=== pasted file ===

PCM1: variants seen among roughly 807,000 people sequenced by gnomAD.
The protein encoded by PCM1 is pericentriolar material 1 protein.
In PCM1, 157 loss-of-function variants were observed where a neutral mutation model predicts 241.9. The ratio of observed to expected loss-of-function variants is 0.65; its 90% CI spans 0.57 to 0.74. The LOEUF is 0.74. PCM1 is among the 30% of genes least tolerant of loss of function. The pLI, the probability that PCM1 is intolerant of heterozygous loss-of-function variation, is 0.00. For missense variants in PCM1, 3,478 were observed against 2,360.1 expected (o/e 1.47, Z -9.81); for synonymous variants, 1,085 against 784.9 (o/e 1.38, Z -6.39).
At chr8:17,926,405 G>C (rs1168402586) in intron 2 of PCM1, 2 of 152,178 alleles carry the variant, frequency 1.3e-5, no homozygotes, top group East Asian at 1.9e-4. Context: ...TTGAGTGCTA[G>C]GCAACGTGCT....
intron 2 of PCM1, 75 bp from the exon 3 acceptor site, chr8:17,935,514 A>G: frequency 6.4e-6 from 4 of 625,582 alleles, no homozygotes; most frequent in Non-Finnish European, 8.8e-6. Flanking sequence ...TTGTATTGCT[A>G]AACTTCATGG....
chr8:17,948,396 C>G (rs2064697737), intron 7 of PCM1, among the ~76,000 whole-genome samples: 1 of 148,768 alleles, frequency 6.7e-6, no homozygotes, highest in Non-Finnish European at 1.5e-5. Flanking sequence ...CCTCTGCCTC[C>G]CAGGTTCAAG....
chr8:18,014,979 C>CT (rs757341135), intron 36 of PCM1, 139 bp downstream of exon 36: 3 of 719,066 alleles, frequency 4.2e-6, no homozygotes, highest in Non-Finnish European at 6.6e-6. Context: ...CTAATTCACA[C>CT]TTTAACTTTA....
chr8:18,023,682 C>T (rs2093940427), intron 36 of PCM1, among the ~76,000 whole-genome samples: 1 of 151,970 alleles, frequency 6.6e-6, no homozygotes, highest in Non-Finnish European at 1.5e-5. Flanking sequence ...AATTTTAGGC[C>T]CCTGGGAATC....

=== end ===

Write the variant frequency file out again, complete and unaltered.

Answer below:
PCM1: variants seen among roughly 807,000 people sequenced by gnomAD.
The protein encoded by PCM1 is pericentriolar material 1 protein.
In PCM1, 157 loss-of-function variants were observed where a neutral mutation model predicts 241.9. The ratio of observed to expected loss-of-function variants is 0.65; its 90% CI spans 0.57 to 0.74. The LOEUF is 0.74. PCM1 is among the 30% of genes least tolerant of loss of function. The pLI, the probability that PCM1 is intolerant of heterozygous loss-of-function variation, is 0.00. For missense variants in PCM1, 3,478 were observed against 2,360.1 expected (o/e 1.47, Z -9.81); for synonymous variants, 1,085 against 784.9 (o/e 1.38, Z -6.39).
At chr8:17,926,405 G>C (rs1168402586) in intron 2 of PCM1, 2 of 152,178 alleles carry the variant, frequency 1.3e-5, no homozygotes, top group East Asian at 1.9e-4. Context: ...TTGAGTGCTA[G>C]GCAACGTGCT....
intron 2 of PCM1, 75 bp from the exon 3 acceptor site, chr8:17,935,514 A>G: frequency 6.4e-6 from 4 of 625,582 alleles, no homozygotes; most frequent in Non-Finnish European, 8.8e-6. Flanking sequence ...TTGTATTGCT[A>G]AACTTCATGG....
chr8:17,948,396 C>G (rs2064697737), intron 7 of PCM1, among the ~76,000 whole-genome samples: 1 of 148,768 alleles, frequency 6.7e-6, no homozygotes, highest in Non-Finnish European at 1.5e-5. Flanking sequence ...CCTCTGCCTC[C>G]CAGGTTCAAG....
chr8:18,014,979 C>CT (rs757341135), intron 36 of PCM1, 139 bp downstream of exon 36: 3 of 719,066 alleles, frequency 4.2e-6, no homozygotes, highest in Non-Finnish European at 6.6e-6. Context: ...CTAATTCACA[C>CT]TTTAACTTTA....
chr8:18,023,682 C>T (rs2093940427), intron 36 of PCM1, among the ~76,000 whole-genome samples: 1 of 151,970 alleles, frequency 6.6e-6, no homozygotes, highest in Non-Finnish European at 1.5e-5. Flanking sequence ...AATTTTAGGC[C>T]CCTGGGAATC....